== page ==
Cells in the tumor microenvironment may be reprogrammed by tumor-derived metabolites. Cholesterol-oxidized products, namely oxysterols, have been shown to favor tumor growth directly by promoting tumor cell growth and indirectly by dampening antitumor immune responses. However, the cellular and molecular mechanisms governing oxysterol generation within tumor microenvironments remain elusive. We recently showed that tumorderived oxysterols recruit neutrophils endowed with protumoral activities, such as neoangiogenesis. Here, we show that hypoxia inducible factor-1a (HIF-1α) controls the overexpression of the enzyme Cyp46a1, which generates the oxysterol 24-hydroxycholesterol (24S-HC) in a pancreatic neuroendocrine tumor (pNET) model commonly used to study neoangiogenesis. The activation of the HIF-1α-24S-HC axis ultimately leads to the induction of the angiogenic switch through the positioning of proangiogenic neutrophils in proximity to Cyp46a1+islets. Pharmacologic blockade or genetic inactivation of oxysterols controls pNET tumorigenesis by dampening the 24S-HC-neutrophil axis. Finally, we show that in some human pNET samples Cyp46a1 transcripts are overexpressed, which correlate with the HIF-1α target VEGF and with tumor diameter. This study reveals a layer in the angiogenic switch of pNETs and identifies a therapeutic target for pNET patients.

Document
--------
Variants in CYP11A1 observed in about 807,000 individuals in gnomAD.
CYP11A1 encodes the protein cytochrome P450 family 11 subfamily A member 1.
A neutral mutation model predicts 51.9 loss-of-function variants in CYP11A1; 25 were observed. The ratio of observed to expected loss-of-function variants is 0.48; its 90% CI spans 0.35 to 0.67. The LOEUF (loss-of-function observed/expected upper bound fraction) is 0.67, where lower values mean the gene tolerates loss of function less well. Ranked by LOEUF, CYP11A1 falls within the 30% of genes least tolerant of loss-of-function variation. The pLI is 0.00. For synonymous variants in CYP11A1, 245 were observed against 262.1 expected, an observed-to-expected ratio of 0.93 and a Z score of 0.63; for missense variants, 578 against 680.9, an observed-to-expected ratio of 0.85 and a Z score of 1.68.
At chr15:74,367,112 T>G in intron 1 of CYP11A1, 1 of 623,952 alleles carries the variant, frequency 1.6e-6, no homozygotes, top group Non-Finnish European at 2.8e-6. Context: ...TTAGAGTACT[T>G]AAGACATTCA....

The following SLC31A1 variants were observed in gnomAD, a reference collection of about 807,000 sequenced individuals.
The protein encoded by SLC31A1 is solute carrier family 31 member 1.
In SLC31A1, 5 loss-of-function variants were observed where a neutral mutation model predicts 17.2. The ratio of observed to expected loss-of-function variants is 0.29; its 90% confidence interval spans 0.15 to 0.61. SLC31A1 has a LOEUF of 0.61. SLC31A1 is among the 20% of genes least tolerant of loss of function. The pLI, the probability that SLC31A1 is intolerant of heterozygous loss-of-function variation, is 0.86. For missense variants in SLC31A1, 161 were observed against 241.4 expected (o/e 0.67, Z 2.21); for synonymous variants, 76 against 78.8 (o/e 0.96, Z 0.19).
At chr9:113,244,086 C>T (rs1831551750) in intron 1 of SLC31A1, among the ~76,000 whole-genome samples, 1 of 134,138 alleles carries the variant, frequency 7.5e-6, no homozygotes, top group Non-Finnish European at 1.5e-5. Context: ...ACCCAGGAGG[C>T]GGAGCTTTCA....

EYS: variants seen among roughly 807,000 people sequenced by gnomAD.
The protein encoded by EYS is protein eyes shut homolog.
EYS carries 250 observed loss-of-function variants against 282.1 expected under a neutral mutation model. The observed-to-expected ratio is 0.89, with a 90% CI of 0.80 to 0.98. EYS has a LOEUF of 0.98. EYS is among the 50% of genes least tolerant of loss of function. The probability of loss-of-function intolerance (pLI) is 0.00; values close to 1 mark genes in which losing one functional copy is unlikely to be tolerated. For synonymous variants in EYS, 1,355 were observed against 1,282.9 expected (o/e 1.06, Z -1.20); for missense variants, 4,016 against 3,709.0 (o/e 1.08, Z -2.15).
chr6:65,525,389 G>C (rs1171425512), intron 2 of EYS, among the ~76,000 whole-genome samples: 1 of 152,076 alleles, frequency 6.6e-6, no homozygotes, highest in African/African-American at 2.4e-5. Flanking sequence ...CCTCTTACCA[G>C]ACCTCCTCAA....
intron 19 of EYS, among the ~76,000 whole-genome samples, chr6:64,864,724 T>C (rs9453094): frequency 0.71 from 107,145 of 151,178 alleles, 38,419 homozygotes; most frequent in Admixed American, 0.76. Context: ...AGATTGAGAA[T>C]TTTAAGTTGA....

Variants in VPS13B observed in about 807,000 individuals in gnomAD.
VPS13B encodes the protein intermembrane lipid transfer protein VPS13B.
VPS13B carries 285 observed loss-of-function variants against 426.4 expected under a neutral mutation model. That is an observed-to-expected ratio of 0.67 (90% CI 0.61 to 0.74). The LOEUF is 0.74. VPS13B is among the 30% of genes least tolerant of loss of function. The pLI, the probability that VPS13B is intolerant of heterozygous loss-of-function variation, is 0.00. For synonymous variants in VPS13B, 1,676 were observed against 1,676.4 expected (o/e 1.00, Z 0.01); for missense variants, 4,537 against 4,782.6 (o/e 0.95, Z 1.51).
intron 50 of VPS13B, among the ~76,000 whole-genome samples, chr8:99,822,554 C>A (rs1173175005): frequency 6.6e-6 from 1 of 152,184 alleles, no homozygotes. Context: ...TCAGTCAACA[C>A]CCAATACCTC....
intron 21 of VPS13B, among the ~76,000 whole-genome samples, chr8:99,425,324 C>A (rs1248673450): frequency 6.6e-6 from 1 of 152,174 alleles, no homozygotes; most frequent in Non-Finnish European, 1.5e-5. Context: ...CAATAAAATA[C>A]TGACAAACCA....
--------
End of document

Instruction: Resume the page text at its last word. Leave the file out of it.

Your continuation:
|Journal||Proceedings of the National Academy of Sciences of the United States of America|
|Publication status||Published - Oct 11 2016|
- Angiogenic switch
- Pancreatic neuroendocrine tumors
ASJC Scopus subject areas